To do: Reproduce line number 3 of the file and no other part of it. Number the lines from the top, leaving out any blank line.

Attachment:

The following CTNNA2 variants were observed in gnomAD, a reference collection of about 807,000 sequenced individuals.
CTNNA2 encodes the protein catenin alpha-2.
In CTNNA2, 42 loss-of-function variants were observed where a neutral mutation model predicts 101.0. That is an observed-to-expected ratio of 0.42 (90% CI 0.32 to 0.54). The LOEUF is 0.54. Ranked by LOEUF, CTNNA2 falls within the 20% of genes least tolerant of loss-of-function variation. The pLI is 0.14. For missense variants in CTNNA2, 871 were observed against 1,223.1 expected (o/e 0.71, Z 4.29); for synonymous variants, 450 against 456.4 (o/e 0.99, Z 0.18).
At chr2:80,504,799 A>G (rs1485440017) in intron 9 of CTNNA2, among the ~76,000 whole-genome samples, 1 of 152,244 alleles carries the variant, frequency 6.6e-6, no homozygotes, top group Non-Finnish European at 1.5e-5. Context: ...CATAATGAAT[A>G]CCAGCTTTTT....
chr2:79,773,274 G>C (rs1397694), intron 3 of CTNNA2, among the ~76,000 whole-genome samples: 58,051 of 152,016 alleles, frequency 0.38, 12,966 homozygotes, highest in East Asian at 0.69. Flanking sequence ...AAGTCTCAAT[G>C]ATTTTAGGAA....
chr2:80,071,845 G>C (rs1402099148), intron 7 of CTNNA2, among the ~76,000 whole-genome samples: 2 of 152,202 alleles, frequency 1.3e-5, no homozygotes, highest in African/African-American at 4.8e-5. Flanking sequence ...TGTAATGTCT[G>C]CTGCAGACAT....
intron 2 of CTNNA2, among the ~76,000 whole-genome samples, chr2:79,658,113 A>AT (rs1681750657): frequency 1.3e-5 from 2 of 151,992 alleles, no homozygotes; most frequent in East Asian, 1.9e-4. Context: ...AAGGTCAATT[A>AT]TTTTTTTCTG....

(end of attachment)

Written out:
In CTNNA2, 42 loss-of-function variants were observed where a neutral mutation model predicts 101.0. That is an observed-to-expected ratio of 0.42 (90% CI 0.32 to 0.54). The LOEUF is 0.54. Ranked by LOEUF, CTNNA2 falls within the 20% of genes least tolerant of loss-of-function variation. The pLI is 0.14. For missense variants in CTNNA2, 871 were observed against 1,223.1 expected (o/e 0.71, Z 4.29); for synonymous variants, 450 against 456.4 (o/e 0.99, Z 0.18).